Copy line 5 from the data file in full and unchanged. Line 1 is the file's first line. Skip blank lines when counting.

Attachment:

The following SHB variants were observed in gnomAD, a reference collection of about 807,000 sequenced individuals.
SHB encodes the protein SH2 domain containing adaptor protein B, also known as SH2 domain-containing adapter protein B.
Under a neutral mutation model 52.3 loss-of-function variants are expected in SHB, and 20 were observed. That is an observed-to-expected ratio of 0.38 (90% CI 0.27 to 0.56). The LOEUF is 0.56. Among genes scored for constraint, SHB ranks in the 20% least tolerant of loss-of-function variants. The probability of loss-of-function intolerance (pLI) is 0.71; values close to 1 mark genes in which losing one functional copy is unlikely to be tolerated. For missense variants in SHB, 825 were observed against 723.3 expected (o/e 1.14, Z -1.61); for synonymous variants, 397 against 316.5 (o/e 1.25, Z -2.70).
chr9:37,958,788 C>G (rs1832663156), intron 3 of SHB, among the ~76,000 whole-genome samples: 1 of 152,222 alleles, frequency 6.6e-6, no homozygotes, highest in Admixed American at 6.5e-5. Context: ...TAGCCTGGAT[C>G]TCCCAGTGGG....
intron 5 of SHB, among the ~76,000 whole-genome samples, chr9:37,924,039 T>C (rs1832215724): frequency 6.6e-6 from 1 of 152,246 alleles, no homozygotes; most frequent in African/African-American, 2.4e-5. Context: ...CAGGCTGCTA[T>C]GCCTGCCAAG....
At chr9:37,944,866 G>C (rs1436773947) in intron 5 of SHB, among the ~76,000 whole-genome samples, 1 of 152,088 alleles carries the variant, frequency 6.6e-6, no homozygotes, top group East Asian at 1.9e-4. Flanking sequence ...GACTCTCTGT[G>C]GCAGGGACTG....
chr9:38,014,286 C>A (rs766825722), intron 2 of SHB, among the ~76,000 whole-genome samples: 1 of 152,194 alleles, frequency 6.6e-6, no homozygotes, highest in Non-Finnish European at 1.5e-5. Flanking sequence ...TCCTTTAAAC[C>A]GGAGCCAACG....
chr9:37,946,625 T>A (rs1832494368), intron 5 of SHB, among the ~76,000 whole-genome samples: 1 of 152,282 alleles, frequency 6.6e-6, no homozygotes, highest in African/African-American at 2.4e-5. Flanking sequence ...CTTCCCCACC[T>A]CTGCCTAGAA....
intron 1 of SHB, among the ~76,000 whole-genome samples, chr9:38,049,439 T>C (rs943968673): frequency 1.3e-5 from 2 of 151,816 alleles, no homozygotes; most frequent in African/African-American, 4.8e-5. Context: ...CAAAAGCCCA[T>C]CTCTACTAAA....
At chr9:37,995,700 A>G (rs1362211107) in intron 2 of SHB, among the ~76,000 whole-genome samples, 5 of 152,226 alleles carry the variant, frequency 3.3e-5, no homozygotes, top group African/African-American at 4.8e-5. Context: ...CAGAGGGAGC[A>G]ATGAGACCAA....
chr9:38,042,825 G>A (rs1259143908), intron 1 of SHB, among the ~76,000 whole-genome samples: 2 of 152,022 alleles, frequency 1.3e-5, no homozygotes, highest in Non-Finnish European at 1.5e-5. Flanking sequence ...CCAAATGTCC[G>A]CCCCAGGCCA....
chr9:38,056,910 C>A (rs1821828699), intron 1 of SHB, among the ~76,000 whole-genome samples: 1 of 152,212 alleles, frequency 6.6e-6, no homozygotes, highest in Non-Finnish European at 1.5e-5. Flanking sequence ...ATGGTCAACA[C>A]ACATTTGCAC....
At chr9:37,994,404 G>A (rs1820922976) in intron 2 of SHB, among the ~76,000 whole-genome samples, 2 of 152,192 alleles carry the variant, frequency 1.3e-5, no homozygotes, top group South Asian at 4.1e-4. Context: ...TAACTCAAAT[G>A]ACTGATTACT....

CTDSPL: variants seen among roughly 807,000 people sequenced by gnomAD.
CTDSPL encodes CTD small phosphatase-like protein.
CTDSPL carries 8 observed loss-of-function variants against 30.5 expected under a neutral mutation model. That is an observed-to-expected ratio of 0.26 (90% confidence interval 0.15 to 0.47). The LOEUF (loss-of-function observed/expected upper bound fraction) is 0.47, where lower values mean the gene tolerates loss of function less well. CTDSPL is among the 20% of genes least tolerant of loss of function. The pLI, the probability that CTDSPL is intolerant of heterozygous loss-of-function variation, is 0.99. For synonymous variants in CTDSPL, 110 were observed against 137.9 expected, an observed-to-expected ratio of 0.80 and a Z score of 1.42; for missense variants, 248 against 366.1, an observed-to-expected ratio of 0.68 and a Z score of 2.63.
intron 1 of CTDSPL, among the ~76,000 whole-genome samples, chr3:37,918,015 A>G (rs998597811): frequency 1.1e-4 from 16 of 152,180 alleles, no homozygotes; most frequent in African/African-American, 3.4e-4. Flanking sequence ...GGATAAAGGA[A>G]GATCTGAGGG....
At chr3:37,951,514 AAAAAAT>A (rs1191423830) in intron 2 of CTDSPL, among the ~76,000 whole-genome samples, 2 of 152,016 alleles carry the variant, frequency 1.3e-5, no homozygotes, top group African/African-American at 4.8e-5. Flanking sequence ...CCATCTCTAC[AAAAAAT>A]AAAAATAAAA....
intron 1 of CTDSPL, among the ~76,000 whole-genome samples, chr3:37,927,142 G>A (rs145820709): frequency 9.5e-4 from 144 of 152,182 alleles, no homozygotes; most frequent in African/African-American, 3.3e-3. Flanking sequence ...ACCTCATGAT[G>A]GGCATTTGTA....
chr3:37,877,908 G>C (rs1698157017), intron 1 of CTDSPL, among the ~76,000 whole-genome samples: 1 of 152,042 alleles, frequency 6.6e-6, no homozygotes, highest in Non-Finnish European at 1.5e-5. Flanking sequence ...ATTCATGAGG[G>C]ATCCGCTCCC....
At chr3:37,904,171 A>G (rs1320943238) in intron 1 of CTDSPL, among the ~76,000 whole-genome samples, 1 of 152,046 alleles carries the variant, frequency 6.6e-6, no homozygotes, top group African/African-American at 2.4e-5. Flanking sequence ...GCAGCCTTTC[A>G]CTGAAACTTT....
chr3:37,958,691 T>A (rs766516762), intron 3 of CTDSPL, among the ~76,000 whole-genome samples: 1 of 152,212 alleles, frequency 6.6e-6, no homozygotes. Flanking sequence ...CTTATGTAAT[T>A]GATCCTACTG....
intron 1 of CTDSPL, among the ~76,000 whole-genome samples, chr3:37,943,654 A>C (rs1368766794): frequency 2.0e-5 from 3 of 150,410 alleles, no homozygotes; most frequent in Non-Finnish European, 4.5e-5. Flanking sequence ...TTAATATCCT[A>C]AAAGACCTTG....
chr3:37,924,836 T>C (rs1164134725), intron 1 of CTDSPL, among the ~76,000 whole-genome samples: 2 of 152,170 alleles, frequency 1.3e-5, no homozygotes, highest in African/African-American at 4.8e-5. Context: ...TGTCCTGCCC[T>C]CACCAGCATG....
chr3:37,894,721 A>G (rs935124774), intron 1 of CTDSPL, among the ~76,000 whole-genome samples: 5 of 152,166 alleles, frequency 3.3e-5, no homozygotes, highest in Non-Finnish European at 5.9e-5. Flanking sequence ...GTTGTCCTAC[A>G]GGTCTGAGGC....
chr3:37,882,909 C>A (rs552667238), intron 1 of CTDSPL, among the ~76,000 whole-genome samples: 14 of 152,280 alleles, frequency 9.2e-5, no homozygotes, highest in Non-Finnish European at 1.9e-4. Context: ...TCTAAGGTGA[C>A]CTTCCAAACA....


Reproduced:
intron 5 of SHB, among the ~76,000 whole-genome samples, chr9:37,924,039 T>C (rs1832215724): frequency 6.6e-6 from 1 of 152,246 alleles, no homozygotes; most frequent in African/African-American, 2.4e-5. Context: ...CAGGCTGCTA[T>C]GCCTGCCAAG....